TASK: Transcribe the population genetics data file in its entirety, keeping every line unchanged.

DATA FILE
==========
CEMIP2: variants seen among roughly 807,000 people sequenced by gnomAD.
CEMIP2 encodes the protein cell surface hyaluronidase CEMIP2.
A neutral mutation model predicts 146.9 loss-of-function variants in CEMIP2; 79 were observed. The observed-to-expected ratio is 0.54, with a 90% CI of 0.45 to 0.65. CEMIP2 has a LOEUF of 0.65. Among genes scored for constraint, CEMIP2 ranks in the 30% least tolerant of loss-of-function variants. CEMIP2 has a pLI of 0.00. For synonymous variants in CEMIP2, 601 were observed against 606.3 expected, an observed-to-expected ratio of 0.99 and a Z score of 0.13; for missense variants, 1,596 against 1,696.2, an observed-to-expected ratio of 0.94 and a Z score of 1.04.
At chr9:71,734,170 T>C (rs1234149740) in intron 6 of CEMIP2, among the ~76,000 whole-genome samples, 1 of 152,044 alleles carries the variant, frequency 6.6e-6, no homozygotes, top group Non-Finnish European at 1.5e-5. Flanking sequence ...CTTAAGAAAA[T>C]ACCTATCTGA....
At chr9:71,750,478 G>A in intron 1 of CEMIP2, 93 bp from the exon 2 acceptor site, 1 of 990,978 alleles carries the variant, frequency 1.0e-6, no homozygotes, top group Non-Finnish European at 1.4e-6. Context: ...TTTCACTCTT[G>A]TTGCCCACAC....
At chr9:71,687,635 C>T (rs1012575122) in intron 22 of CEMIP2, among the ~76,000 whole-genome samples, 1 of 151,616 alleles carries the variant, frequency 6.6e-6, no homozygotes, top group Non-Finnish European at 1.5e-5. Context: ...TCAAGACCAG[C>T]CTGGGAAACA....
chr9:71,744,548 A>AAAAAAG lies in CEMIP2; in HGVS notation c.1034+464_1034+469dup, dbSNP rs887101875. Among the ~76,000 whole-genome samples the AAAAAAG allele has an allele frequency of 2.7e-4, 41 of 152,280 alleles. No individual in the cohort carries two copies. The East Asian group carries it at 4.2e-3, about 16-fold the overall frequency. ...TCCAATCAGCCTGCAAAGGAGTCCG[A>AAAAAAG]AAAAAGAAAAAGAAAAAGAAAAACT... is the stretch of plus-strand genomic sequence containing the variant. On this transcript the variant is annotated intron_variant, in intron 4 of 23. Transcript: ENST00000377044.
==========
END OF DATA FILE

CEMIP2: variants seen among roughly 807,000 people sequenced by gnomAD.
CEMIP2 encodes the protein cell surface hyaluronidase CEMIP2.
A neutral mutation model predicts 146.9 loss-of-function variants in CEMIP2; 79 were observed. The observed-to-expected ratio is 0.54, with a 90% CI of 0.45 to 0.65. CEMIP2 has a LOEUF of 0.65. Among genes scored for constraint, CEMIP2 ranks in the 30% least tolerant of loss-of-function variants. CEMIP2 has a pLI of 0.00. For synonymous variants in CEMIP2, 601 were observed against 606.3 expected, an observed-to-expected ratio of 0.99 and a Z score of 0.13; for missense variants, 1,596 against 1,696.2, an observed-to-expected ratio of 0.94 and a Z score of 1.04.
At chr9:71,734,170 T>C (rs1234149740) in intron 6 of CEMIP2, among the ~76,000 whole-genome samples, 1 of 152,044 alleles carries the variant, frequency 6.6e-6, no homozygotes, top group Non-Finnish European at 1.5e-5. Flanking sequence ...CTTAAGAAAA[T>C]ACCTATCTGA....
At chr9:71,750,478 G>A in intron 1 of CEMIP2, 93 bp from the exon 2 acceptor site, 1 of 990,978 alleles carries the variant, frequency 1.0e-6, no homozygotes, top group Non-Finnish European at 1.4e-6. Context: ...TTTCACTCTT[G>A]TTGCCCACAC....
At chr9:71,687,635 C>T (rs1012575122) in intron 22 of CEMIP2, among the ~76,000 whole-genome samples, 1 of 151,616 alleles carries the variant, frequency 6.6e-6, no homozygotes, top group Non-Finnish European at 1.5e-5. Context: ...TCAAGACCAG[C>T]CTGGGAAACA....
chr9:71,744,548 A>AAAAAAG lies in CEMIP2; in HGVS notation c.1034+464_1034+469dup, dbSNP rs887101875. Among the ~76,000 whole-genome samples the AAAAAAG allele has an allele frequency of 2.7e-4, 41 of 152,280 alleles. No individual in the cohort carries two copies. The East Asian group carries it at 4.2e-3, about 16-fold the overall frequency. ...TCCAATCAGCCTGCAAAGGAGTCCG[A>AAAAAAG]AAAAAGAAAAAGAAAAAGAAAAACT... is the stretch of plus-strand genomic sequence containing the variant. On this transcript the variant is annotated intron_variant, in intron 4 of 23. Transcript: ENST00000377044.